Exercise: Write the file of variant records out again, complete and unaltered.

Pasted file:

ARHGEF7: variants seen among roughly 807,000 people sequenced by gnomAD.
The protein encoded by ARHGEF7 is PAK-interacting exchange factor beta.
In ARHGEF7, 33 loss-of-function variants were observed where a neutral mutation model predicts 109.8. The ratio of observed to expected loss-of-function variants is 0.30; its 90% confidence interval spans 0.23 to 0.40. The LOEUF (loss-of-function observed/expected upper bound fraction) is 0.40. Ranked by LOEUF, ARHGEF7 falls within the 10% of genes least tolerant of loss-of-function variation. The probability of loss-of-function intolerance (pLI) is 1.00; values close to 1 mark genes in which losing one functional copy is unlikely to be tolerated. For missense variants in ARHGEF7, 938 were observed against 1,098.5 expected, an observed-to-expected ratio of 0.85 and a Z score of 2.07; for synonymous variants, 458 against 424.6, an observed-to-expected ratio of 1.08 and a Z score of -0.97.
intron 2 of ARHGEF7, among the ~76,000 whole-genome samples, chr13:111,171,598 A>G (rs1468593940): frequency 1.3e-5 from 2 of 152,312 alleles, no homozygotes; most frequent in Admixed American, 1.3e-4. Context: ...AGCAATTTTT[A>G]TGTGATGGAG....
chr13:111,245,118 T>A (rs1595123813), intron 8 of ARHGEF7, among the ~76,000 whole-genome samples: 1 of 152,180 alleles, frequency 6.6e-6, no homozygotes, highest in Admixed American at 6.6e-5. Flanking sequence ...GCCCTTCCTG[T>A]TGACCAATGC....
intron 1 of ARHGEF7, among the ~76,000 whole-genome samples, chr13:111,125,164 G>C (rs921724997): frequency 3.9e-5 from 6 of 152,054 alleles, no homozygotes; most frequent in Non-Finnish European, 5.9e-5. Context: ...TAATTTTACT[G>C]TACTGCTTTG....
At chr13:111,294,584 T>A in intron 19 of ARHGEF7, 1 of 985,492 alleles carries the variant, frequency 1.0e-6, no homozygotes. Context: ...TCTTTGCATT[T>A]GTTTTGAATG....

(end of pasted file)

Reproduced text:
ARHGEF7: variants seen among roughly 807,000 people sequenced by gnomAD.
The protein encoded by ARHGEF7 is PAK-interacting exchange factor beta.
In ARHGEF7, 33 loss-of-function variants were observed where a neutral mutation model predicts 109.8. The ratio of observed to expected loss-of-function variants is 0.30; its 90% confidence interval spans 0.23 to 0.40. The LOEUF (loss-of-function observed/expected upper bound fraction) is 0.40. Ranked by LOEUF, ARHGEF7 falls within the 10% of genes least tolerant of loss-of-function variation. The probability of loss-of-function intolerance (pLI) is 1.00; values close to 1 mark genes in which losing one functional copy is unlikely to be tolerated. For missense variants in ARHGEF7, 938 were observed against 1,098.5 expected, an observed-to-expected ratio of 0.85 and a Z score of 2.07; for synonymous variants, 458 against 424.6, an observed-to-expected ratio of 1.08 and a Z score of -0.97.
intron 2 of ARHGEF7, among the ~76,000 whole-genome samples, chr13:111,171,598 A>G (rs1468593940): frequency 1.3e-5 from 2 of 152,312 alleles, no homozygotes; most frequent in Admixed American, 1.3e-4. Context: ...AGCAATTTTT[A>G]TGTGATGGAG....
chr13:111,245,118 T>A (rs1595123813), intron 8 of ARHGEF7, among the ~76,000 whole-genome samples: 1 of 152,180 alleles, frequency 6.6e-6, no homozygotes, highest in Admixed American at 6.6e-5. Flanking sequence ...GCCCTTCCTG[T>A]TGACCAATGC....
intron 1 of ARHGEF7, among the ~76,000 whole-genome samples, chr13:111,125,164 G>C (rs921724997): frequency 3.9e-5 from 6 of 152,054 alleles, no homozygotes; most frequent in Non-Finnish European, 5.9e-5. Context: ...TAATTTTACT[G>C]TACTGCTTTG....
At chr13:111,294,584 T>A in intron 19 of ARHGEF7, 1 of 985,492 alleles carries the variant, frequency 1.0e-6, no homozygotes. Context: ...TCTTTGCATT[T>A]GTTTTGAATG....